Ohio County Judge Grants Immunity To Anyone Who Turns In Heroin, Drugs That May Cause Overdose

By McCarton Ackerman 09/09/16

The "unprecedented" immunity comes in the wake of a nearby overdose wave that resulted in nearly 300 overdoses in a six-day period.

Ohio County Judge Grants Immunity To Anyone Who Turns In Heroin, Drugs That May Cause Overdose
Judge Robert Ruehlman Photo via WWMT

A judge in Hamilton County, Ohio, is taking a forward-thinking step to address the heroin overdose crisis throughout the Cincinnati area, granting immunity to anyone who turns in heroin or any other dangerous substance.

Common Pleas Court Presiding Judge Robert Ruehlman granted a request for the policy made by Hamilton County Prosector Joe Deters. The drugs can be handed over to any law enforcement agency in the county, no questions asked. The blanket immunity covers anyone who “turns over any substance or combination of substances said person believes may cause the user of said drug to have an overdose.”

Although Deters and Ruehlman agreed that the request was unprecedented for the county, Deters said drastic measures needed to be taken to address the nearly 300 overdoses that occurred throughout the Cincinnati area since Aug. 19.

“We may have family members who find it,” said Deters. “Their child may be an addict, their husband … and this gives them a vehicle to turn it in without fear of prosecution.”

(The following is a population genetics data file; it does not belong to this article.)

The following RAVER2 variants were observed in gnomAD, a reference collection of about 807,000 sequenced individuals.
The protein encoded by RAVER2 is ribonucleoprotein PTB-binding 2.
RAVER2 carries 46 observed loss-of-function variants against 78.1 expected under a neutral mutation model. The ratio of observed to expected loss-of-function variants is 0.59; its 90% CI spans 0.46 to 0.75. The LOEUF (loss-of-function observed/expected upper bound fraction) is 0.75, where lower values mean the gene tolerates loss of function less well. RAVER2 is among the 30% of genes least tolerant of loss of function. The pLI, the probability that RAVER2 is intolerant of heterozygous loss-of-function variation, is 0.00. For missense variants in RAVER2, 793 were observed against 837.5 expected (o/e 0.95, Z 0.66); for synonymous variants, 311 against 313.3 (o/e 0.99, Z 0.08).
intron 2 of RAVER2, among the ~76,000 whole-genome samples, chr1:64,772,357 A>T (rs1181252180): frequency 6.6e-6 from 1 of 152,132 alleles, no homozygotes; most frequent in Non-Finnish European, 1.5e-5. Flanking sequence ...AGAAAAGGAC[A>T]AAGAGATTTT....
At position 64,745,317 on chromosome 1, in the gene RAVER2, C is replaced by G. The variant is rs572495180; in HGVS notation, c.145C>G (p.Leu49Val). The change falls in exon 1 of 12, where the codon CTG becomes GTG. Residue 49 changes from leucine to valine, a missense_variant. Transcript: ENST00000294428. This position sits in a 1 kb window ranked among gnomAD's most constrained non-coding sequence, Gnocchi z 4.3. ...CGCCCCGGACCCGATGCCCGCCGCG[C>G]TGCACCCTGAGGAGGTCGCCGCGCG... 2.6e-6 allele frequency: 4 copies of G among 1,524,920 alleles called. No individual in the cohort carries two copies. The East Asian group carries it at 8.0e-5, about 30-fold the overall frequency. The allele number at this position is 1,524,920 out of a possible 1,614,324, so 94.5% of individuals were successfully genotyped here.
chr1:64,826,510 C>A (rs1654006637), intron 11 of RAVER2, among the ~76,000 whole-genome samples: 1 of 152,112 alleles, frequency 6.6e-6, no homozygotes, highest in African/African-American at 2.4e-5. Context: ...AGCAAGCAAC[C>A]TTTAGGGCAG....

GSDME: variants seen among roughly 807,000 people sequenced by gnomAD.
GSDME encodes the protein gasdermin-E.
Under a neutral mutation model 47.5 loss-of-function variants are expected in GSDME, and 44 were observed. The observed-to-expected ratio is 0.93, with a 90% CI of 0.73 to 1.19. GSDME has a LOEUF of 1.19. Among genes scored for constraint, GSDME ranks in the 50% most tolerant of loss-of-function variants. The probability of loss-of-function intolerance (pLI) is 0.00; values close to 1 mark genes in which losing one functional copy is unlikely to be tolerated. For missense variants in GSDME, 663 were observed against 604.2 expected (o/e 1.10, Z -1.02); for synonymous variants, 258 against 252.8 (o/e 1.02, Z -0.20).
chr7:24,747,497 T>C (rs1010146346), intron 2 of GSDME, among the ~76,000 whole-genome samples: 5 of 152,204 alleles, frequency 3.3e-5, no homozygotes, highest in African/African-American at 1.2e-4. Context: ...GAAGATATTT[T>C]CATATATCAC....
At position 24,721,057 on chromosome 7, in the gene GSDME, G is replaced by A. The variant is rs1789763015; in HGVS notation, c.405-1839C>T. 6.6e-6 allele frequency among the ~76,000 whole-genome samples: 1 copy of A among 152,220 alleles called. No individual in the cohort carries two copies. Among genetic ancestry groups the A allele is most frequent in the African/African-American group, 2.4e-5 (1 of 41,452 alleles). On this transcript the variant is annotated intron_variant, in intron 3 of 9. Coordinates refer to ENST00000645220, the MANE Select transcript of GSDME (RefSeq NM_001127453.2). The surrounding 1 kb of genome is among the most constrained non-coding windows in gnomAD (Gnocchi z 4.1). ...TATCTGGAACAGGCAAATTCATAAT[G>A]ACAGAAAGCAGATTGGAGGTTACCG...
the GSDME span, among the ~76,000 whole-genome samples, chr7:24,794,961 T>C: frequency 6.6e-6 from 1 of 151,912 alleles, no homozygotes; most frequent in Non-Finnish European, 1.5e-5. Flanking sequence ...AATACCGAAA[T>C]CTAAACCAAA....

Approximately 174 of the nearly 300 overdoses throughout the Cincinnati area occurred within a six-day period. The local coroner’s office confirmed that carfentanil, commonly used to sedate elephants and with a potency 10,000 times stronger than morphine, was a factor in at least eight of the deaths, according to the Associated Press. Authorities suspect that the tainted batches of heroin wreaking havoc throughout the area have been laced with the substance.

Officials in other states have taken similar measures. In response to a string of more than 16 overdoses in a six-hour span in June throughout New Haven, Connecticut, police in North Haven set up anonymous drop-off boxes for illicit substances. The only thing not allowed to be disposed of in the boxes were intravenous needles.

The cause of the overdoses throughout New Haven and North Haven was a tainted batch of heroin. Some of the overdoses came from users who thought they were using cocaine, but ended up ingesting something completely different. Rick Fontana of the New Haven Emergency Operations Center said at the time that while EMS and fire crews were given extra supplies of Narcan to help combat the issue, the city still had a shortage of the opiate overdose reversal drug.

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McCarton Ackerman is a freelance writer and editor living in Portland, Oregon. He has been a contributor for The Fix since October 2011, writing on a wide range of topics ranging from medical marijuana in Colorado to the world's sexiest drug smugglers. Follow him on Linkedin and Twitter.

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